Well, it happened again. Carissa Moore came into the World Surf League finals as the top seed and lost. This time it was number-three seed Caroline Marks wreaking havoc on the bracket to take out her first world title. A celebration on the beach ensued.
“This is so incredible,” Marks said after. “All the support I had from both Florida and San Clemente.”
Moore talked openly this past year about how hard it was to get over last year’s loss at the Finals where she was also the one seed, even going so far as to say she went through a time of mourning after losing to Stephanie Gilmore. This one will be tough to come back from as well. She had an insane year (historic, given how many events she placed highly in?), winning three tourneys including Pipe, Margaret River, and the Surf Ranch. She also had three third-place finishes. Of course in the old format she would have run away with the world title. Instead she exited with a serious gripe against the new setup and the Final Five showdown.
But Marks, to her credit, surfed with an extra bit of oomph today, taking down Caitlin Simmers and Tyler Wright with a her precise backhand, before beating Moore in the final (“This one’s for the goofies,” she told Strider after). It seems like Marks has been on tour forever. She’s only 21.
It was redemption for the Floridian, who took time away from tour for personal reasons that haven’t fully been explained. But there have been references from Marks the past few months. “I haven’t won since 2021,” she said after winning in El Salvador. “This really was my first years back after coming out of one of the hardest times of my life. I’m really stoked.”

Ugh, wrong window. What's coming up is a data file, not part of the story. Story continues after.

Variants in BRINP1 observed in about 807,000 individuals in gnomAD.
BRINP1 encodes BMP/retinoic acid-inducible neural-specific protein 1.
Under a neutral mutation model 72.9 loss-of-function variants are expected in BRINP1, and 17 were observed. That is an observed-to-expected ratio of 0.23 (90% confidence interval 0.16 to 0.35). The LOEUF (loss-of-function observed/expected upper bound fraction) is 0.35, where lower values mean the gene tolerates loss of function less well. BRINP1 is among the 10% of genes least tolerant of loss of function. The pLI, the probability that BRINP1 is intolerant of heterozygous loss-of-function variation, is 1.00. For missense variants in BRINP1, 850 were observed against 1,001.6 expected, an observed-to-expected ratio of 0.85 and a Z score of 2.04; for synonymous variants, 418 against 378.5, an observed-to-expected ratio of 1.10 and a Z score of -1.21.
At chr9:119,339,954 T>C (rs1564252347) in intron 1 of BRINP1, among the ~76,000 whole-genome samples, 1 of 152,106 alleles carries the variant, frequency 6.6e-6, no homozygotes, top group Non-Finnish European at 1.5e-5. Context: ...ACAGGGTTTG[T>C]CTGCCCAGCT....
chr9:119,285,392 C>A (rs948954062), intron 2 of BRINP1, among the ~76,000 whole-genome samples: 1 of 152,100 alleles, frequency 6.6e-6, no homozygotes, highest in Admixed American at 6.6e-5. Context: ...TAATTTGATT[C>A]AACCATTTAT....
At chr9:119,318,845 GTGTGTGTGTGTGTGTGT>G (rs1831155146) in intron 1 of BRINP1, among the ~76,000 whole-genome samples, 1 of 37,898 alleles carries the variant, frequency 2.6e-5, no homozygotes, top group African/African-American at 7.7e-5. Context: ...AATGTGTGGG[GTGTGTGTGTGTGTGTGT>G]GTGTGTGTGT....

As I’ve mentioned before, I think we’ll hear more about those tough times now that she’s a world-title winner. Something about reaching the top just seems to make professional athletes open up more. I’ll be interested to hear her story.
On the men’s side, Filipe Toledo captured his second world title on a wave his surfing is absolutely built for. He beat Ethan Ewing in two straight heats, and as the number one seed, looked ready for whoever he would face that came through the bracket, having spent so much time at Lowers.
Toledo essentially won his 2023 title the way most surfers on tour would want to win it: by taking down both the season-long points total and then winning the WSL Finals. Toledo’s surfing is fantastic, explosive even, unlike any other surfer on tour, but the one knock against him would have to be his lack of wins at heavier waves like Teahupo’o and Pipe. But he didn’t really need wins at those places as the tour is currently constructed. So he walks away with his second straight world title and builds on an already impressive legacy. (Note: he’ll likely get two cracks at Teahupo’o in ’24, having made the Brazilian Olympic team.)
Changes to the tour schedule will remain a point of interest as the World Surf League heads into the offseason.
Ethan Ewing was a story himself, recovering from a broken back suffered at Teahupo’o. The man looked so dialed in, and with his powerful rail work and quiet upper body making for one of the best styles on tour, he’s a traditionalist’s dream. There was even subtle rooting for him in the announcers’ booth, as Mick Fanning openly wished Ewing into another wave at the end of the second set with Toledo to force a third-heat surf off.
But it didn’t happen and Marks walks away with her first title, while Toledo takes home an important second world championship trophy.